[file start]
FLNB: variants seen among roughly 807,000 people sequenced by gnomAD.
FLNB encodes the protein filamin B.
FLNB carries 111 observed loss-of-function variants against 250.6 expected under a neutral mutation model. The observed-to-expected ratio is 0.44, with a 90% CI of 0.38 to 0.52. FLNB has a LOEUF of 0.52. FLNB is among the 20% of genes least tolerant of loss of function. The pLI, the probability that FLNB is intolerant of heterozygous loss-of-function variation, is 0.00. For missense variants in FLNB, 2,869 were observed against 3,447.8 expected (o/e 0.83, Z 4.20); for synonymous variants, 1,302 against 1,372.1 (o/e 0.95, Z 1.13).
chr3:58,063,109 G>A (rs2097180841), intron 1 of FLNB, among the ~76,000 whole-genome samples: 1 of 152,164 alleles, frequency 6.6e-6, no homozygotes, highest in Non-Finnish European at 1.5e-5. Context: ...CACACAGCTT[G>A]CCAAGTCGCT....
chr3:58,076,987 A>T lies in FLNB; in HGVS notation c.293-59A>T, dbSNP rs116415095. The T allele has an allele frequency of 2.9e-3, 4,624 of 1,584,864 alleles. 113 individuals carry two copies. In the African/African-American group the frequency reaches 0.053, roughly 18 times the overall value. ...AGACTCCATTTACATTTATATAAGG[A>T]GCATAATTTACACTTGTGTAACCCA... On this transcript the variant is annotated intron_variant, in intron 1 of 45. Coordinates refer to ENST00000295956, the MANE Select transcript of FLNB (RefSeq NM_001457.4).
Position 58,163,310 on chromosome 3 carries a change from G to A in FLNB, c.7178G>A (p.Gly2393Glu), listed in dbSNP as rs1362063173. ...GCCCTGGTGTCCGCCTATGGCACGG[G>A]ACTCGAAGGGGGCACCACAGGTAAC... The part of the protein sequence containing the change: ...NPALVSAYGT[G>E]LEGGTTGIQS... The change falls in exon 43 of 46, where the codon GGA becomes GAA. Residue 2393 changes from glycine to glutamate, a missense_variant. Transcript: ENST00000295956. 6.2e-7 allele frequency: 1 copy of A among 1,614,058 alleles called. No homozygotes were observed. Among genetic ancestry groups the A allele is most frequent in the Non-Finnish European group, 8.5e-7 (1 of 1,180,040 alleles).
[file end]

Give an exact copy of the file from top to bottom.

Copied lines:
FLNB: variants seen among roughly 807,000 people sequenced by gnomAD.
FLNB encodes the protein filamin B.
FLNB carries 111 observed loss-of-function variants against 250.6 expected under a neutral mutation model. The observed-to-expected ratio is 0.44, with a 90% CI of 0.38 to 0.52. FLNB has a LOEUF of 0.52. FLNB is among the 20% of genes least tolerant of loss of function. The pLI, the probability that FLNB is intolerant of heterozygous loss-of-function variation, is 0.00. For missense variants in FLNB, 2,869 were observed against 3,447.8 expected (o/e 0.83, Z 4.20); for synonymous variants, 1,302 against 1,372.1 (o/e 0.95, Z 1.13).
chr3:58,063,109 G>A (rs2097180841), intron 1 of FLNB, among the ~76,000 whole-genome samples: 1 of 152,164 alleles, frequency 6.6e-6, no homozygotes, highest in Non-Finnish European at 1.5e-5. Context: ...CACACAGCTT[G>A]CCAAGTCGCT....
chr3:58,076,987 A>T lies in FLNB; in HGVS notation c.293-59A>T, dbSNP rs116415095. The T allele has an allele frequency of 2.9e-3, 4,624 of 1,584,864 alleles. 113 individuals carry two copies. In the African/African-American group the frequency reaches 0.053, roughly 18 times the overall value. ...AGACTCCATTTACATTTATATAAGG[A>T]GCATAATTTACACTTGTGTAACCCA... On this transcript the variant is annotated intron_variant, in intron 1 of 45. Coordinates refer to ENST00000295956, the MANE Select transcript of FLNB (RefSeq NM_001457.4).
Position 58,163,310 on chromosome 3 carries a change from G to A in FLNB, c.7178G>A (p.Gly2393Glu), listed in dbSNP as rs1362063173. ...GCCCTGGTGTCCGCCTATGGCACGG[G>A]ACTCGAAGGGGGCACCACAGGTAAC... The part of the protein sequence containing the change: ...NPALVSAYGT[G>E]LEGGTTGIQS... The change falls in exon 43 of 46, where the codon GGA becomes GAA. Residue 2393 changes from glycine to glutamate, a missense_variant. Transcript: ENST00000295956. 6.2e-7 allele frequency: 1 copy of A among 1,614,058 alleles called. No homozygotes were observed. Among genetic ancestry groups the A allele is most frequent in the Non-Finnish European group, 8.5e-7 (1 of 1,180,040 alleles).